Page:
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NIPS 2016. BayesOpt workshop invited talk.

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Multiobjective Bayesian Optimization, aka surrogate modeling etc. What we did back in 2005/6, and what we are up to now, with encouragement to the audience to take part. Cheers!

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NIPS 2016. BayesOpt workshop invited talk.

  1. 1. Multiobjective Bayesian Optimization Joshua Knowles j.knowles@cs.bham.ac.uk University of Birmingham, UK University of Manchester, UK (Honorary)
  2. 2. Boo brexit !
  3. 3. Minsky: Do your PhD on a topic no one else is working on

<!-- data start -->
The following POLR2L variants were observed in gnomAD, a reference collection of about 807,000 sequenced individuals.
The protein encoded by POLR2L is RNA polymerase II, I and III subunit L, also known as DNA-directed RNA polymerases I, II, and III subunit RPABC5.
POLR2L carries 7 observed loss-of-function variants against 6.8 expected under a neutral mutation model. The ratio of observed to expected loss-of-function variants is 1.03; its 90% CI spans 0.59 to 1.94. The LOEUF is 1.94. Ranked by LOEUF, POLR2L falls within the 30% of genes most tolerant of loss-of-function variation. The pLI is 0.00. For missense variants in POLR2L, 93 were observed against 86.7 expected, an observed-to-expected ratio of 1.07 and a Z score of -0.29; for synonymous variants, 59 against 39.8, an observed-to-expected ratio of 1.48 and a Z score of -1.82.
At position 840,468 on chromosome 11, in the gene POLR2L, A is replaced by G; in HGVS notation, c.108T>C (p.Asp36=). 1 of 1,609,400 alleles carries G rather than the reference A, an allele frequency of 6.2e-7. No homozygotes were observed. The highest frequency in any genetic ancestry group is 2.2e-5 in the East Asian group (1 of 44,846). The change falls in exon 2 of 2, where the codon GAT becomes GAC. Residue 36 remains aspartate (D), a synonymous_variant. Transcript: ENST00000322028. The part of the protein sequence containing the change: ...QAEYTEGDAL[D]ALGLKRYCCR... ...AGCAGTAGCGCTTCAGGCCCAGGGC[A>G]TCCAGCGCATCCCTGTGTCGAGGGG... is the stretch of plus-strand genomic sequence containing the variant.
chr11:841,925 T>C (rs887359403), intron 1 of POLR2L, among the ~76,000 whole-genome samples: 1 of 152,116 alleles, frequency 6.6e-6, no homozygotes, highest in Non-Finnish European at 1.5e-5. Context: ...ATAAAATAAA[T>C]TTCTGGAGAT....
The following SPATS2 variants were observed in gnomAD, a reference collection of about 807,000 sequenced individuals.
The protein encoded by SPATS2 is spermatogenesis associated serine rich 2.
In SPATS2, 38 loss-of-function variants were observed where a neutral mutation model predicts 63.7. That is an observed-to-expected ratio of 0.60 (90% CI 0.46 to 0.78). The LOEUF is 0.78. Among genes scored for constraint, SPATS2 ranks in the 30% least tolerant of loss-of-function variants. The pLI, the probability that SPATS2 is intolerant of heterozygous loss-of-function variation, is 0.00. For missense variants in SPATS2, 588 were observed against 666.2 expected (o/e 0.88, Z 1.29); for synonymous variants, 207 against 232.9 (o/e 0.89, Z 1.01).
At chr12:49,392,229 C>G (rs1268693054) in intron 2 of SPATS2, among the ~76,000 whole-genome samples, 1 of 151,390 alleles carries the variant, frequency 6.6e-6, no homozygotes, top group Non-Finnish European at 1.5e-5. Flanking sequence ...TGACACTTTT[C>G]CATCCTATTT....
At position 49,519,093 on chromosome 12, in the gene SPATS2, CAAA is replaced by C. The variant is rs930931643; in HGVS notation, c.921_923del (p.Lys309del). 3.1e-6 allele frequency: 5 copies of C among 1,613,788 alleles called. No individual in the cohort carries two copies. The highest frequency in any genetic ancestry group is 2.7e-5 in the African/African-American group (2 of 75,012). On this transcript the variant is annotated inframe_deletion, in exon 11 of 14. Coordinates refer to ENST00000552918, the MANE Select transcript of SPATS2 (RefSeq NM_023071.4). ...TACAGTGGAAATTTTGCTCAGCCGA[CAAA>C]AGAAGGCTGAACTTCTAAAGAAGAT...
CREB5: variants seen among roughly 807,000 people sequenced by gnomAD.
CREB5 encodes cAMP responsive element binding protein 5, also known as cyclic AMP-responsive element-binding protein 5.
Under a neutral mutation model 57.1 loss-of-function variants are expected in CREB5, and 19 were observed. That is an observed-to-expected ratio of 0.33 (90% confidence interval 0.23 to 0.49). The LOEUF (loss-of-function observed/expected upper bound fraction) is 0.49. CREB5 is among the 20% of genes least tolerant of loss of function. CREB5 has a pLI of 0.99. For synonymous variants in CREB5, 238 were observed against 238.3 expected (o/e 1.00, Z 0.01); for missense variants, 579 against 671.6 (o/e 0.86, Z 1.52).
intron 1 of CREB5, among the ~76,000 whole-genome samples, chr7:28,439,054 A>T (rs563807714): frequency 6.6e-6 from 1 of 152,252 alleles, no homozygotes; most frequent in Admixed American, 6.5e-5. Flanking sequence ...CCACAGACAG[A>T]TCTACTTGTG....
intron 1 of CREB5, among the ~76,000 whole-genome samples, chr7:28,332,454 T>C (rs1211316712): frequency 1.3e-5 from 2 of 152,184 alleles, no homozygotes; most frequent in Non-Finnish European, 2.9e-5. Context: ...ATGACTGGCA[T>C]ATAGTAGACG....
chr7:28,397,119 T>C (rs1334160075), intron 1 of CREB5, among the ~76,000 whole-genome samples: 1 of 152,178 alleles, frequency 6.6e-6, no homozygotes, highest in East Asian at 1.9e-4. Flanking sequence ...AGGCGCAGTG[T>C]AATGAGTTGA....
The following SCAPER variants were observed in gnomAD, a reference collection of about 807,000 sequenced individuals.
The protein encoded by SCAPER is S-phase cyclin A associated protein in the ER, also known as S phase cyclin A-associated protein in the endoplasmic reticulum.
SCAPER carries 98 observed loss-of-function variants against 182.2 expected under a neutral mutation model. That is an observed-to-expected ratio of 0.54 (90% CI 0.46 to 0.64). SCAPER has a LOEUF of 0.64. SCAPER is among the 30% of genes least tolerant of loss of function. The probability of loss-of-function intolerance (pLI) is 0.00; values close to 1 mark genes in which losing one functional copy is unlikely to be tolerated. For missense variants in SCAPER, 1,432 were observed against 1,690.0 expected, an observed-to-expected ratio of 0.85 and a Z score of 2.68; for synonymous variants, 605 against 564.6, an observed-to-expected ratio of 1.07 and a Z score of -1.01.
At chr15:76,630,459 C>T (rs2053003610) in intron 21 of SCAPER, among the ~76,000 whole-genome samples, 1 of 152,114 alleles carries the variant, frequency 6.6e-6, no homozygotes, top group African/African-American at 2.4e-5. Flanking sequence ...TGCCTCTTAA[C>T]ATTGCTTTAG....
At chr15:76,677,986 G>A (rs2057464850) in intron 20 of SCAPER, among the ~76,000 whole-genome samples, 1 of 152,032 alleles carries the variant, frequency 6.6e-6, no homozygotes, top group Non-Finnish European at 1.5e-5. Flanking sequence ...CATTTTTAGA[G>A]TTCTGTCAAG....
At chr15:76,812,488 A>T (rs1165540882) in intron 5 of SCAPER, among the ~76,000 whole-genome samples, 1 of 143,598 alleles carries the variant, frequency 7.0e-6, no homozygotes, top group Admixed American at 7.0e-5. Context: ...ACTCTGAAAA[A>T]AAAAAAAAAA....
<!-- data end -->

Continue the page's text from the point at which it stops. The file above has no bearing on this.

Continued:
4. 4. Minsky: Do your PhD on a topic no one else is working on My topic: (Pareto) multiobjective optimization; not many had done much in 1997 By 2005/6: Many people were working on stochastic search for multiobjective problems. So, I looked at “Bayesian” approaches for scalar optimization and adapted them -> ParEGO. I also had a need...
  5. 5. Motivation: automation of science experiments Mass spectrometers optimized by ParEGO were used in the HUSERMET project, a large study of human blood serum in health and disease with over 800 patient subjects and performed in collaboration with GlaxoSmithKline, AstraZeneca, Stockport NHS Trust and others (see References)
  6. 6. EVE - University of Manchester King, Ross D., et al. "Functional genomic hypothesis generation and experimentation by a robot scientist." Nature 427.6971 (2004): 247-252.
  7. 7. Further motivation Not the best car on the grid any more. But when it was, it was down to aerodynamics optimized in a wind-tunnel.
  8. 8. Multiobjective optimization